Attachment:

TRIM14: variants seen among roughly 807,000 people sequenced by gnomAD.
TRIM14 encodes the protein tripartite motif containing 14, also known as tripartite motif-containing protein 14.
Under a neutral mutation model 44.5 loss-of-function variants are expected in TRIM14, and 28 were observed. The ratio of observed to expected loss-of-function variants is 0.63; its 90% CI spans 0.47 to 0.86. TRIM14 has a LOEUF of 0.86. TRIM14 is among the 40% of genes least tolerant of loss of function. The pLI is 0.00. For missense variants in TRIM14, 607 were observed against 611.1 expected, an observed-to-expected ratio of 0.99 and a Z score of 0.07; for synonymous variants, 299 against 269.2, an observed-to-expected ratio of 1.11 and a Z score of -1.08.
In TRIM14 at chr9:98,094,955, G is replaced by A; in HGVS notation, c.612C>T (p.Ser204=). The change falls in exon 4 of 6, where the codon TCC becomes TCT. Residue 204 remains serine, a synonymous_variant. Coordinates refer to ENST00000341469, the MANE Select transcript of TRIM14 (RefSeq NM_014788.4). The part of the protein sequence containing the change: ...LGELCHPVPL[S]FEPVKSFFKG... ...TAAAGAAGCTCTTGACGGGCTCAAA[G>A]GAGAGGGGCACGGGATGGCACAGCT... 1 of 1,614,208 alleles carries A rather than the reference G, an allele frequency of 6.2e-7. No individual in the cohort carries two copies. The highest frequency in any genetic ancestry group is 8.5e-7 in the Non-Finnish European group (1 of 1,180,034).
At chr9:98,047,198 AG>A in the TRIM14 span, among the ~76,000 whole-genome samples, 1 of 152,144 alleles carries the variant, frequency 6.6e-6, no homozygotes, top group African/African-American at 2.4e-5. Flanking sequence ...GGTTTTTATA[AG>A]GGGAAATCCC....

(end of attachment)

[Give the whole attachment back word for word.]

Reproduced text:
TRIM14: variants seen among roughly 807,000 people sequenced by gnomAD.
TRIM14 encodes the protein tripartite motif containing 14, also known as tripartite motif-containing protein 14.
Under a neutral mutation model 44.5 loss-of-function variants are expected in TRIM14, and 28 were observed. The ratio of observed to expected loss-of-function variants is 0.63; its 90% CI spans 0.47 to 0.86. TRIM14 has a LOEUF of 0.86. TRIM14 is among the 40% of genes least tolerant of loss of function. The pLI is 0.00. For missense variants in TRIM14, 607 were observed against 611.1 expected, an observed-to-expected ratio of 0.99 and a Z score of 0.07; for synonymous variants, 299 against 269.2, an observed-to-expected ratio of 1.11 and a Z score of -1.08.
In TRIM14 at chr9:98,094,955, G is replaced by A; in HGVS notation, c.612C>T (p.Ser204=). The change falls in exon 4 of 6, where the codon TCC becomes TCT. Residue 204 remains serine, a synonymous_variant. Coordinates refer to ENST00000341469, the MANE Select transcript of TRIM14 (RefSeq NM_014788.4). The part of the protein sequence containing the change: ...LGELCHPVPL[S]FEPVKSFFKG... ...TAAAGAAGCTCTTGACGGGCTCAAA[G>A]GAGAGGGGCACGGGATGGCACAGCT... 1 of 1,614,208 alleles carries A rather than the reference G, an allele frequency of 6.2e-7. No individual in the cohort carries two copies. The highest frequency in any genetic ancestry group is 8.5e-7 in the Non-Finnish European group (1 of 1,180,034).
At chr9:98,047,198 AG>A in the TRIM14 span, among the ~76,000 whole-genome samples, 1 of 152,144 alleles carries the variant, frequency 6.6e-6, no homozygotes, top group African/African-American at 2.4e-5. Flanking sequence ...GGTTTTTATA[AG>A]GGGAAATCCC....